Just make sure that the motorcycle is on a rear paddock stand and rotate the wheel by hand. It is dangerous to start the motorcycle and put it in gear when on a rear jack stand.
Also if you do start your motorcycle when on a paddock stand you can get an ABS fault due to the front wheel not moving.
Don’t forget to use plenty of lubrication oil or chain spray on your chain. It is not so much of a tool but a consumable that I use every few weeks. If you take care of your motorcycle chain you can get extra life and reduced wear.
Motorcycle chains and sprockets will wear out fast if they are not lubricated. Don’t forget to check the chain slack and adjust as necessary.
The only side effect of a well-lubricated motorcycle chain is any excess will be thrown onto your chain guard and rear wheel rim. Extra cleaning will be required.
14. Pliers and side cutters.
These are more if you are working with electrical cables on your motorcycles. But often you may come across a cotter pin or wire tie that will need to be pulled out or cut off.
If you are racing motorcycles pliers are a must as many bolts will have to be wire-tied back to prevent removal.
15. Open and ring spanners.
These are great for when you need to remove or tighten a bolt in hard-to-reach places such as installing aftermarket exhausts like the Akrapovic. Sockets are big and bulky and will not often fit into compact spaces on a motorbike.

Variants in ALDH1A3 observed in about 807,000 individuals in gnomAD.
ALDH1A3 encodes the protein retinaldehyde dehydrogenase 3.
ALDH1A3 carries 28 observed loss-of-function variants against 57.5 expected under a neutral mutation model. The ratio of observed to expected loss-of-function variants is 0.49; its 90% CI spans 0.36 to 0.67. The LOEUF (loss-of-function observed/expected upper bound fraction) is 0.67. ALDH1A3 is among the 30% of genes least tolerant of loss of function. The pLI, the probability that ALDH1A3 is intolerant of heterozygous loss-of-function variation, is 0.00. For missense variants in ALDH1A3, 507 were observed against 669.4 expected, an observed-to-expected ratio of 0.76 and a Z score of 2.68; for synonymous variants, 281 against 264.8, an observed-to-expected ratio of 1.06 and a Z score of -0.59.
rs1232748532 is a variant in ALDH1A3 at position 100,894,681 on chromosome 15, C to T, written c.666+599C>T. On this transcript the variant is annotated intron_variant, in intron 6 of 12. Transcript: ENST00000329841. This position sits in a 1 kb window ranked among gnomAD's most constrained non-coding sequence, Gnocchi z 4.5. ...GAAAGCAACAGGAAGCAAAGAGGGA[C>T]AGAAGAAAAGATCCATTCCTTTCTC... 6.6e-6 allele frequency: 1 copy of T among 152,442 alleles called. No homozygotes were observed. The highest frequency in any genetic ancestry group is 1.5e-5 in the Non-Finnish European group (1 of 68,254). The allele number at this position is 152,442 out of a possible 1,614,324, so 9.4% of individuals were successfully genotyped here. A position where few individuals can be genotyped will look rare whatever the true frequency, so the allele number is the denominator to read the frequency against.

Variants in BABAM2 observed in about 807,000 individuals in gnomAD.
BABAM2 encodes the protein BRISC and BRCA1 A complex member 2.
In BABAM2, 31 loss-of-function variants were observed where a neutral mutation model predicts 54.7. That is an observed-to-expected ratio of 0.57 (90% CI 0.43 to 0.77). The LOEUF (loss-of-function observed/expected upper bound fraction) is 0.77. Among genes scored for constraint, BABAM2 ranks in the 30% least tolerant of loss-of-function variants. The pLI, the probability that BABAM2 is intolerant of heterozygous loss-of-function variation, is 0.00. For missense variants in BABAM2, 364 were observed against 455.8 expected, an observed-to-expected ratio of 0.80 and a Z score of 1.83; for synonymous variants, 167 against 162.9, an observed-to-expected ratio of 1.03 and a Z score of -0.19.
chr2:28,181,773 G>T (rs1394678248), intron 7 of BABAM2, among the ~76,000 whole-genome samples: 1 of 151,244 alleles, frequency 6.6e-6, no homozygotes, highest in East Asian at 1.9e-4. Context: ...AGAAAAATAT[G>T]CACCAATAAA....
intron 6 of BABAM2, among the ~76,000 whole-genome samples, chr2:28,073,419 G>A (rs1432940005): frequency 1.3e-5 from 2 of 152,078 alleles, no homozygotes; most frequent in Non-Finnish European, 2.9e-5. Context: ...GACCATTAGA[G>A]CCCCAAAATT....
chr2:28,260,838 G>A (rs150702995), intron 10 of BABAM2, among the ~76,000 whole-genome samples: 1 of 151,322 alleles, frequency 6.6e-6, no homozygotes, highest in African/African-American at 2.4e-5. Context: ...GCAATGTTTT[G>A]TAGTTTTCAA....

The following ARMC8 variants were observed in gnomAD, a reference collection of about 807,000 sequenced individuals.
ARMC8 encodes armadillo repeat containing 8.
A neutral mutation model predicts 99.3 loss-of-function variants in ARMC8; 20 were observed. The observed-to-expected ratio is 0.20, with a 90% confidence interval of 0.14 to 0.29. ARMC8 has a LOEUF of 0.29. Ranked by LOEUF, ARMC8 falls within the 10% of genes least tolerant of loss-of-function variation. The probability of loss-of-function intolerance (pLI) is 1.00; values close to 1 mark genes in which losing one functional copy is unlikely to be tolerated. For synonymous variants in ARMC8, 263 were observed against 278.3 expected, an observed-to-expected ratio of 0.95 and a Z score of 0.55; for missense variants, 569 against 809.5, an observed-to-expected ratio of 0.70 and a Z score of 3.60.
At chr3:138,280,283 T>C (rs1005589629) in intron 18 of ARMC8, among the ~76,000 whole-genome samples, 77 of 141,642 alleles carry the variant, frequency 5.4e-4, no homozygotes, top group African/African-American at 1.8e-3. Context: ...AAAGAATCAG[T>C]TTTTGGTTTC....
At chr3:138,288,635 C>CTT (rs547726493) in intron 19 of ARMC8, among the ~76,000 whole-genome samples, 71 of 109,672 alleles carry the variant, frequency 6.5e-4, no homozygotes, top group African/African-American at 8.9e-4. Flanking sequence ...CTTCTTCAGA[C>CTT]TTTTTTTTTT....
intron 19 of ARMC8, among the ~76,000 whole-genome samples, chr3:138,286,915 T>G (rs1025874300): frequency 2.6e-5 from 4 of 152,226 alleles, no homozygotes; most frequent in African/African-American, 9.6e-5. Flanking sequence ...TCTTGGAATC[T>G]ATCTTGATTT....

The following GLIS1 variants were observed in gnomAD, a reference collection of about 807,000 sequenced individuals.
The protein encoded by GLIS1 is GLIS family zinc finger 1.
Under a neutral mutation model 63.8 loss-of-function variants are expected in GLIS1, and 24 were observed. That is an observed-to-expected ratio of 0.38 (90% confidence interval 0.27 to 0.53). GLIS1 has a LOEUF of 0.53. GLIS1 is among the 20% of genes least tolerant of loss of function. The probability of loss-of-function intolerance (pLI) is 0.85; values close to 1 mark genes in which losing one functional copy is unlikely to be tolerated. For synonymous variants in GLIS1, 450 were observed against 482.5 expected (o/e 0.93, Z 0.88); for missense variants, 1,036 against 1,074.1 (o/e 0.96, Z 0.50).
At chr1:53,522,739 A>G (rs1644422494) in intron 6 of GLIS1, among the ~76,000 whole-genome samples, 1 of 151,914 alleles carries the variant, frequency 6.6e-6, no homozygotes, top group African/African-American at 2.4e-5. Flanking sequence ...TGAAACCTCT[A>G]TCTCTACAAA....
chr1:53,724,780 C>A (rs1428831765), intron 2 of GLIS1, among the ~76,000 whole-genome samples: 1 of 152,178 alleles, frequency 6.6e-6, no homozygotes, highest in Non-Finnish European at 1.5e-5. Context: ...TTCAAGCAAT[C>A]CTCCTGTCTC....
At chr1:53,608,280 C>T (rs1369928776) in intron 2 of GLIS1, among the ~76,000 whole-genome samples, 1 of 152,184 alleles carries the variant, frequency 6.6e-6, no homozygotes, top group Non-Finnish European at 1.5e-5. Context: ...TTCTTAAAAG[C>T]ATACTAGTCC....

I have started buying ring spanners that have a ratchet option and these are great in confined spaces where you can’t get a lot of movement.
16. Bearing Gear Hub Puller Remover Adjustable 3 Arm Jaw.
The reversible jaws for inside and outside pull or gears, bearings, stators, and clutches. These pullers are found in any reliable mechanics toolbox. They are not just for motorcycles but for any stuck-on tapered part. I even used mine to replace the wheel bearings on my trailer.
3 jaw pullers are good for spreading out the load on pulling a gear or bearing. 2 jaw-gear hub pullers are good for getting into tight spaces. They are cheap and come in handy when a part is stuck. If you start to strip down engines and gearboxes you will definitely need these motorcycle engine tools.
17. Motorcycle mechanic tool kit
Now you will need a place to store all of your tools. So a good motorcycle toolbox is essential to be able to find all of your tools in one place.